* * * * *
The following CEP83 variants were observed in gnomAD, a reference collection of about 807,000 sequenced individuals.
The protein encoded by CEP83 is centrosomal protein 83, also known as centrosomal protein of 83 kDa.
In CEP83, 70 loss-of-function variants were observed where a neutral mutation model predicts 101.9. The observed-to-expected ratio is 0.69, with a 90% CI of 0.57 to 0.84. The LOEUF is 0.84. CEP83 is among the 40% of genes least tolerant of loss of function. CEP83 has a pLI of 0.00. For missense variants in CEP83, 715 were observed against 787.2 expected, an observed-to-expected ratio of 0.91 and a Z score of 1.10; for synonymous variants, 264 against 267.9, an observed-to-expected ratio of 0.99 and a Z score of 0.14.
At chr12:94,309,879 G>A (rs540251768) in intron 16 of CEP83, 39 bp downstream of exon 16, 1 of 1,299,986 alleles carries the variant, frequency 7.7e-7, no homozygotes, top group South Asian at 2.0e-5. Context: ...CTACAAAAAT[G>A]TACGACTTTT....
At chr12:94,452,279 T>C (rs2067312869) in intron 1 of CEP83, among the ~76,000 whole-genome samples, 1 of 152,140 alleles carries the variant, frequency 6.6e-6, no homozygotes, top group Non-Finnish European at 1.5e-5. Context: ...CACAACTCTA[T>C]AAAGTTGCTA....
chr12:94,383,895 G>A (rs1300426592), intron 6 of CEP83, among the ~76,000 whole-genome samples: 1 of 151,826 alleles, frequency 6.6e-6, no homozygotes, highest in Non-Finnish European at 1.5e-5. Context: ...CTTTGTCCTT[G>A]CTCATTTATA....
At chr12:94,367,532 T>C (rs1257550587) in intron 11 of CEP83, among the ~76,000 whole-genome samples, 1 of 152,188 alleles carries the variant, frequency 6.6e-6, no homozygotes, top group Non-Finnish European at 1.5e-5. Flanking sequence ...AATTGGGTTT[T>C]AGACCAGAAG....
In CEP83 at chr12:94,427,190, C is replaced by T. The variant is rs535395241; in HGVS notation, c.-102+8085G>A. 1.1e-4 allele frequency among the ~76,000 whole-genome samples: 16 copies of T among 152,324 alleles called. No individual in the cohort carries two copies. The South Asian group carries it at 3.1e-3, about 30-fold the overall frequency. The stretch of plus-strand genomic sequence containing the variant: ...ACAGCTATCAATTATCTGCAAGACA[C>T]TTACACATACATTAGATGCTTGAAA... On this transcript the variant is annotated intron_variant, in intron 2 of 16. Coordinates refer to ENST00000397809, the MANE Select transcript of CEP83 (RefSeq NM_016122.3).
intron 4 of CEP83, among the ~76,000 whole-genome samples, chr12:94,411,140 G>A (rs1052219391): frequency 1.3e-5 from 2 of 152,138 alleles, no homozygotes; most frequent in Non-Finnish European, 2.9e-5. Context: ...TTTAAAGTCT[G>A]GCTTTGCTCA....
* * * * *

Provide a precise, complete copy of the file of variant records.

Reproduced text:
The following CEP83 variants were observed in gnomAD, a reference collection of about 807,000 sequenced individuals.
The protein encoded by CEP83 is centrosomal protein 83, also known as centrosomal protein of 83 kDa.
In CEP83, 70 loss-of-function variants were observed where a neutral mutation model predicts 101.9. The observed-to-expected ratio is 0.69, with a 90% CI of 0.57 to 0.84. The LOEUF is 0.84. CEP83 is among the 40% of genes least tolerant of loss of function. CEP83 has a pLI of 0.00. For missense variants in CEP83, 715 were observed against 787.2 expected, an observed-to-expected ratio of 0.91 and a Z score of 1.10; for synonymous variants, 264 against 267.9, an observed-to-expected ratio of 0.99 and a Z score of 0.14.
At chr12:94,309,879 G>A (rs540251768) in intron 16 of CEP83, 39 bp downstream of exon 16, 1 of 1,299,986 alleles carries the variant, frequency 7.7e-7, no homozygotes, top group South Asian at 2.0e-5. Context: ...CTACAAAAAT[G>A]TACGACTTTT....
At chr12:94,452,279 T>C (rs2067312869) in intron 1 of CEP83, among the ~76,000 whole-genome samples, 1 of 152,140 alleles carries the variant, frequency 6.6e-6, no homozygotes, top group Non-Finnish European at 1.5e-5. Context: ...CACAACTCTA[T>C]AAAGTTGCTA....
chr12:94,383,895 G>A (rs1300426592), intron 6 of CEP83, among the ~76,000 whole-genome samples: 1 of 151,826 alleles, frequency 6.6e-6, no homozygotes, highest in Non-Finnish European at 1.5e-5. Context: ...CTTTGTCCTT[G>A]CTCATTTATA....
At chr12:94,367,532 T>C (rs1257550587) in intron 11 of CEP83, among the ~76,000 whole-genome samples, 1 of 152,188 alleles carries the variant, frequency 6.6e-6, no homozygotes, top group Non-Finnish European at 1.5e-5. Flanking sequence ...AATTGGGTTT[T>C]AGACCAGAAG....
In CEP83 at chr12:94,427,190, C is replaced by T. The variant is rs535395241; in HGVS notation, c.-102+8085G>A. 1.1e-4 allele frequency among the ~76,000 whole-genome samples: 16 copies of T among 152,324 alleles called. No individual in the cohort carries two copies. The South Asian group carries it at 3.1e-3, about 30-fold the overall frequency. The stretch of plus-strand genomic sequence containing the variant: ...ACAGCTATCAATTATCTGCAAGACA[C>T]TTACACATACATTAGATGCTTGAAA... On this transcript the variant is annotated intron_variant, in intron 2 of 16. Coordinates refer to ENST00000397809, the MANE Select transcript of CEP83 (RefSeq NM_016122.3).
intron 4 of CEP83, among the ~76,000 whole-genome samples, chr12:94,411,140 G>A (rs1052219391): frequency 1.3e-5 from 2 of 152,138 alleles, no homozygotes; most frequent in Non-Finnish European, 2.9e-5. Context: ...TTTAAAGTCT[G>A]GCTTTGCTCA....